By Heather Mullinix
One of the greatest adventures offered in Tennessee can be found only in the outdoors, where centuries of rushing water and a deal struck with the Tennessee Valley Authority have forged a wild ride that hundreds of thousands of visitors suit up for each year.
The world famous Ocoee River offers two sections of whitewater adventure, boasting rapid after rapid, dip after dip and scream after scream of fun and thrills. It’s divided into two sections. The middle section is the most popular, with five miles of continuous class III and class IV rapids, with intense, powerful rapids the norm, not the exception.
In fact, you’re not in your raft more than a few feet before you enter Grumpy, a class IV challenge. If you weren’t awake before you got in the boat, you certainly will be when the river water, ice cold year round, splashes you in the face.
Outfitters serve the river, offering all the equipment necessary and the expertise of an experienced guide to navigate the rapids for maximum fun and maximum safety. And while you wouldn’t want to travel the river without your personal flotation device and helmet, the guide is quite possibly the most important part of your trip. He or she tells you when to paddle and how to paddle, forward or back, so that you can avoid hazards and enjoy the ride. This isn’t a recreation activity where you get to rest on your laurels. It takes everyone in your raft, usually six people, to go where you need to go and do what you need to do.
On a recent whitewater excursion, Ted explained it was his 14th season as a river guide on the Ocoee. He’s a native of Knoxville and when told where his boat hailed from said, “You have some of the best whitewater in the world right there.”
He’s right. The Cumberland Plateau boasts world class whitewater on the Obed, Clear Creek, Daddy’s Creek and other rivers and streams, but those rivers require water from above. While that’s not been a problem this year, it can make it difficult to plan an excursion. That’s one of the draws of the Ocoee. Not only is the river fast and furious, it’s dependable with TVA scheduling release of water regularly. In fact, the whitewater season stretches from March through October.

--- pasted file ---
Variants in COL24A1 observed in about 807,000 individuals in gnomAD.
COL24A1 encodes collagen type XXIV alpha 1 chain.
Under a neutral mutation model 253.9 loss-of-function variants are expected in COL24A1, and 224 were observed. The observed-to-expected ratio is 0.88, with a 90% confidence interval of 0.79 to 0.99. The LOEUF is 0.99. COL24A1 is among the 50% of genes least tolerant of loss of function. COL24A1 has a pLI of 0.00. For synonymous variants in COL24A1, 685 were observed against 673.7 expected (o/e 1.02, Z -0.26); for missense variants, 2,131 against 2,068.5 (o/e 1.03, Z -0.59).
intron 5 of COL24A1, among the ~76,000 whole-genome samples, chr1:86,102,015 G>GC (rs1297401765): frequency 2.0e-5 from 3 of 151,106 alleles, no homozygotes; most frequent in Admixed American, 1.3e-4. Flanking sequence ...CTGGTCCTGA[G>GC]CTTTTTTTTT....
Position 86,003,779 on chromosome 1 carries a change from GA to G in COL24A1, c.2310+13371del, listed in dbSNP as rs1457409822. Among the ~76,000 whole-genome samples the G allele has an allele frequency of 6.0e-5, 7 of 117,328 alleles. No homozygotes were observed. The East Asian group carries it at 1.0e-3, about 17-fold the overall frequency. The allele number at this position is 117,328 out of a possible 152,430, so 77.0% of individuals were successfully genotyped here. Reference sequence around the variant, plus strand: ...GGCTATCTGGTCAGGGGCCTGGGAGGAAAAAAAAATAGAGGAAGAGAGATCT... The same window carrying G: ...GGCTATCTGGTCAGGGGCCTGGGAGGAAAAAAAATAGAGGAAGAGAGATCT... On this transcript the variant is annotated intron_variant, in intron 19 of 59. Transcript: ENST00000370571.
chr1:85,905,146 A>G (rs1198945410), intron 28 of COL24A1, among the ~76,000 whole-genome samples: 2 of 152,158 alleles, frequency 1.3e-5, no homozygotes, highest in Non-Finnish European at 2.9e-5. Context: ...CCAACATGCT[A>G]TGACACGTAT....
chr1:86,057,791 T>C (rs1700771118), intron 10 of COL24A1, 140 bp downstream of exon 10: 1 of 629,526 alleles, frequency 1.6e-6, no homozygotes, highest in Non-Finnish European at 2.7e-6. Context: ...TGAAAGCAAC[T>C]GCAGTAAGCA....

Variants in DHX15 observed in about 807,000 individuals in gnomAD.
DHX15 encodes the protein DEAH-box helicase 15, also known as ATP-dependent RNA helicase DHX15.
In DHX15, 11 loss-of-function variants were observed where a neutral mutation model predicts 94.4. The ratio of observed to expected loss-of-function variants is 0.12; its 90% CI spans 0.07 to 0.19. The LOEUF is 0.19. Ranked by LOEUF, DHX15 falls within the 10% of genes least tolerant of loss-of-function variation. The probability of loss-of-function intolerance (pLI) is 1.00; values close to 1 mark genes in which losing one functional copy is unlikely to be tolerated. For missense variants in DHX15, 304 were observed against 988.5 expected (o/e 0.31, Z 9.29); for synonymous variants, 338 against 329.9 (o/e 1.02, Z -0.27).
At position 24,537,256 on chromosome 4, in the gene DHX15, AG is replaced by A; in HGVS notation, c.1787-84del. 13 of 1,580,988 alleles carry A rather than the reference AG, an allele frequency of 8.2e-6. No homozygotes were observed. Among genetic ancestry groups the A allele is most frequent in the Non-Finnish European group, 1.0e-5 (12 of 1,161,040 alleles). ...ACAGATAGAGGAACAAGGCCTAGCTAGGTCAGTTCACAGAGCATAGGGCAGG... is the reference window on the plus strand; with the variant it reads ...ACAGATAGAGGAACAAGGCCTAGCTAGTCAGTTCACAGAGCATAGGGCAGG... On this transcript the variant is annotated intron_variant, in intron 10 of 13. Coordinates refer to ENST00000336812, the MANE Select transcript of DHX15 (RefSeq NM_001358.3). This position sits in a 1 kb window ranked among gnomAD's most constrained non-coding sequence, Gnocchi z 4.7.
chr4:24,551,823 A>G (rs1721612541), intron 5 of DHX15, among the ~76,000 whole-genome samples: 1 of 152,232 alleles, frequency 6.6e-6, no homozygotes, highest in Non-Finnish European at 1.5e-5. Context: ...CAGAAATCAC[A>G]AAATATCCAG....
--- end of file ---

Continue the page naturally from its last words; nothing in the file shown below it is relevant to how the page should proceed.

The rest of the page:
The experienced guides are the reason those with little whitewater experience can enjoy the world-class whitewater offered on the river. Those class III and IV rapids are difficult, but with a good guide at the helm, they are navigable.
After Grumpy gets the show rolling, you’ll enter Gonzo Shoals next, with rocks just under the surface causing your boat to bounce along. You’ll navigate Broken Nose, Moon Shoot, Double Suck, Double Trouble, Jump Rock, Squeeze Play, Hollywood Hole and Flipper, where your guide will likely let you surf the rapid for a minute or two.
If you fall out at Flipper, don’t worry. Just turn on your back, point your feet downstream and let the current take you to the Doldrums. It’s about halfway down the Middle Ocoee and is the only chance to rest up, catch your breath and take a look around at the beauty of the river.
Once you’re back in the boat, you’ll continue on to Sneaky Pete and Western Flyer. Don’t get complacent. Even if you’ve managed to stay in the boat to this point, there’s still Surprise ahead, with a ledge appearing almost out of nowhere. You’ll go through Tablesaw, where the river channels into a narrow chute creating turbulence, and Diamond Splitter then on to Dixie Drive and Torpedo before it’s time for Hell’s Hole, the final challenge and most famous rapid.